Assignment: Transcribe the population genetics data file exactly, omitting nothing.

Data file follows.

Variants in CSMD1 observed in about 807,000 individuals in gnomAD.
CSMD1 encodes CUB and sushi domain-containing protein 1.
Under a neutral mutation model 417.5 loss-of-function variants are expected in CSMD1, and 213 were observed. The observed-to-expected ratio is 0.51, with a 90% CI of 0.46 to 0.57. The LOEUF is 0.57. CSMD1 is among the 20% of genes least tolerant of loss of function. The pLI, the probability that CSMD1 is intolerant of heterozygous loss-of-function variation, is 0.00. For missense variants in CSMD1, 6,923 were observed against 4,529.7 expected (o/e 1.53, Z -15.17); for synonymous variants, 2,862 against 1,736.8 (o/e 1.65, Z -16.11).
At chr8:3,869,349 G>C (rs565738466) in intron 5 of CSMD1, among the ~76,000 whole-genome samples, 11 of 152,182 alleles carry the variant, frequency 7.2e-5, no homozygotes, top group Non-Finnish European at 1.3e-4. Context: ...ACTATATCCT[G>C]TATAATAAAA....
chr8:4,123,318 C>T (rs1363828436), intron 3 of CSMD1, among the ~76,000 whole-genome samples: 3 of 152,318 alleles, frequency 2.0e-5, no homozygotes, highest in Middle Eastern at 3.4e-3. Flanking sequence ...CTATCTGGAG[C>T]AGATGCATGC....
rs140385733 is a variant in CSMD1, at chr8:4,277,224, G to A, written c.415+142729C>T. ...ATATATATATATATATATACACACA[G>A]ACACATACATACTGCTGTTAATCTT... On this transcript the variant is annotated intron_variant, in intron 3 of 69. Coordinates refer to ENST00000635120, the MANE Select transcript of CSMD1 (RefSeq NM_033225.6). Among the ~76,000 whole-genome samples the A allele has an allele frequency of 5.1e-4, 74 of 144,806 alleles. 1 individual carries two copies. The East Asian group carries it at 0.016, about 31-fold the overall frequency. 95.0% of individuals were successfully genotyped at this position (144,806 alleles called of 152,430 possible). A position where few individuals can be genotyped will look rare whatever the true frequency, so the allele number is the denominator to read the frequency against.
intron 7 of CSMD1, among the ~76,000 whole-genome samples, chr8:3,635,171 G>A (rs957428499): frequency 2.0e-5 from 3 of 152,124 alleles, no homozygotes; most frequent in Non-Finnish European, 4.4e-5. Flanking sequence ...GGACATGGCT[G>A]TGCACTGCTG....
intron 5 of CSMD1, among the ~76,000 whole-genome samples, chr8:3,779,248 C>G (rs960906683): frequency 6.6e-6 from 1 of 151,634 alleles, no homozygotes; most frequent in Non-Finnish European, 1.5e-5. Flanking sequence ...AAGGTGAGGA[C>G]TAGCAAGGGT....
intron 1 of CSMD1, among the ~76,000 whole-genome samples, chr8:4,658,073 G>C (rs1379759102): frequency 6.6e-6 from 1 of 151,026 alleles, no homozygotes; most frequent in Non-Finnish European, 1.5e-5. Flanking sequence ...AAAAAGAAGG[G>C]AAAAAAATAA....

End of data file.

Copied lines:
Variants in CSMD1 observed in about 807,000 individuals in gnomAD.
CSMD1 encodes CUB and sushi domain-containing protein 1.
Under a neutral mutation model 417.5 loss-of-function variants are expected in CSMD1, and 213 were observed. The observed-to-expected ratio is 0.51, with a 90% CI of 0.46 to 0.57. The LOEUF is 0.57. CSMD1 is among the 20% of genes least tolerant of loss of function. The pLI, the probability that CSMD1 is intolerant of heterozygous loss-of-function variation, is 0.00. For missense variants in CSMD1, 6,923 were observed against 4,529.7 expected (o/e 1.53, Z -15.17); for synonymous variants, 2,862 against 1,736.8 (o/e 1.65, Z -16.11).
At chr8:3,869,349 G>C (rs565738466) in intron 5 of CSMD1, among the ~76,000 whole-genome samples, 11 of 152,182 alleles carry the variant, frequency 7.2e-5, no homozygotes, top group Non-Finnish European at 1.3e-4. Context: ...ACTATATCCT[G>C]TATAATAAAA....
chr8:4,123,318 C>T (rs1363828436), intron 3 of CSMD1, among the ~76,000 whole-genome samples: 3 of 152,318 alleles, frequency 2.0e-5, no homozygotes, highest in Middle Eastern at 3.4e-3. Flanking sequence ...CTATCTGGAG[C>T]AGATGCATGC....
rs140385733 is a variant in CSMD1, at chr8:4,277,224, G to A, written c.415+142729C>T. ...ATATATATATATATATATACACACA[G>A]ACACATACATACTGCTGTTAATCTT... On this transcript the variant is annotated intron_variant, in intron 3 of 69. Coordinates refer to ENST00000635120, the MANE Select transcript of CSMD1 (RefSeq NM_033225.6). Among the ~76,000 whole-genome samples the A allele has an allele frequency of 5.1e-4, 74 of 144,806 alleles. 1 individual carries two copies. The East Asian group carries it at 0.016, about 31-fold the overall frequency. 95.0% of individuals were successfully genotyped at this position (144,806 alleles called of 152,430 possible). A position where few individuals can be genotyped will look rare whatever the true frequency, so the allele number is the denominator to read the frequency against.
intron 7 of CSMD1, among the ~76,000 whole-genome samples, chr8:3,635,171 G>A (rs957428499): frequency 2.0e-5 from 3 of 152,124 alleles, no homozygotes; most frequent in Non-Finnish European, 4.4e-5. Flanking sequence ...GGACATGGCT[G>A]TGCACTGCTG....
intron 5 of CSMD1, among the ~76,000 whole-genome samples, chr8:3,779,248 C>G (rs960906683): frequency 6.6e-6 from 1 of 151,634 alleles, no homozygotes; most frequent in Non-Finnish European, 1.5e-5. Flanking sequence ...AAGGTGAGGA[C>G]TAGCAAGGGT....
intron 1 of CSMD1, among the ~76,000 whole-genome samples, chr8:4,658,073 G>C (rs1379759102): frequency 6.6e-6 from 1 of 151,026 alleles, no homozygotes; most frequent in Non-Finnish European, 1.5e-5. Flanking sequence ...AAAAAGAAGG[G>C]AAAAAAATAA....